On his second Elektra album, recorded at the Greenwich Village nightclub One Sheridan Square during the last week of 1960, monologist Jean Shepherd
offers a mixture of hipster perspective and warm nostalgia. That can be a paradoxical combination, but he pulls it off to the delight of the audience. In "The Playboy Syndrome," for example, this transplanted Chicagoan captures the attitude of a typical New Yorker when he describes the U.S. as "that gigantic country, just clinging to this little island here." But soon after, he gives away his greater affection for Midwestern life, especially the life he lived in his childhood. Although he often has his audience in stitches, Shepherd
, best known for his radio monologues, is not so much a comedian as a storyteller. "My First Blind Date" and "Little Orphan Annie" are both reminiscences that end in disappointment, but what makes them work is not the twist at the conclusion of the story so much as the descriptions. Approaching the home of his blind date, for example, Shepherd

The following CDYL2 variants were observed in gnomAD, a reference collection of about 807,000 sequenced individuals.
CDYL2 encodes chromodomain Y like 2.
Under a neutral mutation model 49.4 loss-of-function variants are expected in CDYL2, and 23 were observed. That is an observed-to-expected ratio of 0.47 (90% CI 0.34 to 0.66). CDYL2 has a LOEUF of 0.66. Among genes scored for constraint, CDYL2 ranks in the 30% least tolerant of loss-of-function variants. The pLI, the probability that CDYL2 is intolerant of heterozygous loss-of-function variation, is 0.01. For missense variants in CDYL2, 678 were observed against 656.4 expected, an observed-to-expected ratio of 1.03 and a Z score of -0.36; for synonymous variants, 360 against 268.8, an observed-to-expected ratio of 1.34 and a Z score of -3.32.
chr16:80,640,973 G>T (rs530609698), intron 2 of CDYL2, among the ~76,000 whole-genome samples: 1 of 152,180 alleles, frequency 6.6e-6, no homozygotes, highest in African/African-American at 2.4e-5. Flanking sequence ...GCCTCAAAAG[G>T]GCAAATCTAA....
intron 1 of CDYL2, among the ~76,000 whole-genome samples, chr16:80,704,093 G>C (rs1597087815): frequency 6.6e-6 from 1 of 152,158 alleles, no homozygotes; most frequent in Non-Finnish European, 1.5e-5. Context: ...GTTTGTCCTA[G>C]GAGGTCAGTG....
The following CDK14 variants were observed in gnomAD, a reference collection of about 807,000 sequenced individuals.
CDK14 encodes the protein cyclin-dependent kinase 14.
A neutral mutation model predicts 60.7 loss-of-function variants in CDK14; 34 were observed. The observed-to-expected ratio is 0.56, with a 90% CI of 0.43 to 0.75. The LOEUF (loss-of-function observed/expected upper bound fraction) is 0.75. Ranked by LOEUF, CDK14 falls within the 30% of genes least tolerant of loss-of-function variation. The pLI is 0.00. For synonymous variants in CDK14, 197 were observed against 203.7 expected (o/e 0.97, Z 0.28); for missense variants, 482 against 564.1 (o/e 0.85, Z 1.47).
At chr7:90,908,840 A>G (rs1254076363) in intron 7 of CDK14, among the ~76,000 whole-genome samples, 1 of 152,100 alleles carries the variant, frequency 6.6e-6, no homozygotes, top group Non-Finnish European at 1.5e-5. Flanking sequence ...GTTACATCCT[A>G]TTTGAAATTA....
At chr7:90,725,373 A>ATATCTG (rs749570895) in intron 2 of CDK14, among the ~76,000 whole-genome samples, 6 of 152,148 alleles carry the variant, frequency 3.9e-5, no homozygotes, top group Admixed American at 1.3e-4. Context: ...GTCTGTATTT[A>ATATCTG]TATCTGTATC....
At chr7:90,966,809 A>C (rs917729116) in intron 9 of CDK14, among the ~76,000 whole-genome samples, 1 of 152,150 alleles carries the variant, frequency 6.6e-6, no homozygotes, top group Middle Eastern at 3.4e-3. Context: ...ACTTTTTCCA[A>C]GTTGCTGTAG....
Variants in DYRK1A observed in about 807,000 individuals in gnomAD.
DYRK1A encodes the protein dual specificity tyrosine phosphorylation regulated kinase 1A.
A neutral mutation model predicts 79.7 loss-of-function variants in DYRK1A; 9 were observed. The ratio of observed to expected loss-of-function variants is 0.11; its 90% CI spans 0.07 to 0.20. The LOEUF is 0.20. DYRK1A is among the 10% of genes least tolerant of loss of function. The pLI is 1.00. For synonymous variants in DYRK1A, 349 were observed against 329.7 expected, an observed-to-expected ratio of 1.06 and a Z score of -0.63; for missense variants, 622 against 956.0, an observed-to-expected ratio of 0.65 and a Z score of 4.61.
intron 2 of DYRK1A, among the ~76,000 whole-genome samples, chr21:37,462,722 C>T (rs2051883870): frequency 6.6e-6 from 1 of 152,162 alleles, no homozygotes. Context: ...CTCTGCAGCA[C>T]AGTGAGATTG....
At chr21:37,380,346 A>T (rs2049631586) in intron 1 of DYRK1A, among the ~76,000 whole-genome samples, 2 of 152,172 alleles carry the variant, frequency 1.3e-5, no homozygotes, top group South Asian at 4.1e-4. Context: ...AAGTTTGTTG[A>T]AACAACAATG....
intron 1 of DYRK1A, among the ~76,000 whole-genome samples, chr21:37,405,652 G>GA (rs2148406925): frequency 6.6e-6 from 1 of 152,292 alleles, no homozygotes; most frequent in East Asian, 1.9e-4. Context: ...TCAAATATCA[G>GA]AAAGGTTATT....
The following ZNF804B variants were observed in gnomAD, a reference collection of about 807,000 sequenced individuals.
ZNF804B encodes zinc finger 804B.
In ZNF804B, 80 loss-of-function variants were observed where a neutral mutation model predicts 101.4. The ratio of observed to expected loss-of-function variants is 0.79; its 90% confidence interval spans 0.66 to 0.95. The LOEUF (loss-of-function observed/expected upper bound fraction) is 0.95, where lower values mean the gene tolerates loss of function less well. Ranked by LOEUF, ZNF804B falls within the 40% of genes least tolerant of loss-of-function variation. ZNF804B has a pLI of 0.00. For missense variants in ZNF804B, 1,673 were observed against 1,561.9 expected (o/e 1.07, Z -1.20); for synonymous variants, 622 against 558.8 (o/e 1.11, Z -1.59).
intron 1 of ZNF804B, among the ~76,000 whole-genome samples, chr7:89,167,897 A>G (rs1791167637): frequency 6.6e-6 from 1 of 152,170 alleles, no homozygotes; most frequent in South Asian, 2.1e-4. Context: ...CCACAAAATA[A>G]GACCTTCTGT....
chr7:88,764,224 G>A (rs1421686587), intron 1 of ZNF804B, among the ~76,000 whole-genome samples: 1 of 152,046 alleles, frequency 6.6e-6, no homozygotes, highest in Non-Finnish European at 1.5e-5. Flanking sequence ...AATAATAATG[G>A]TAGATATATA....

refers to it as "a kneeling home," giving a sense of its size in comparison to the "linoleum house" he himself lived in. And the material also works because of the enthusiasm with which Shepherd
talks, even when he is speaking with a rueful admiration of an advertisement. The effect is not exactly satirical so much as it is critically affectionate. Shepherd
's audience in the Village, primed by his radio work, warmly responds to that affection even at the end, when he seems to dismiss them on the edge of a new year.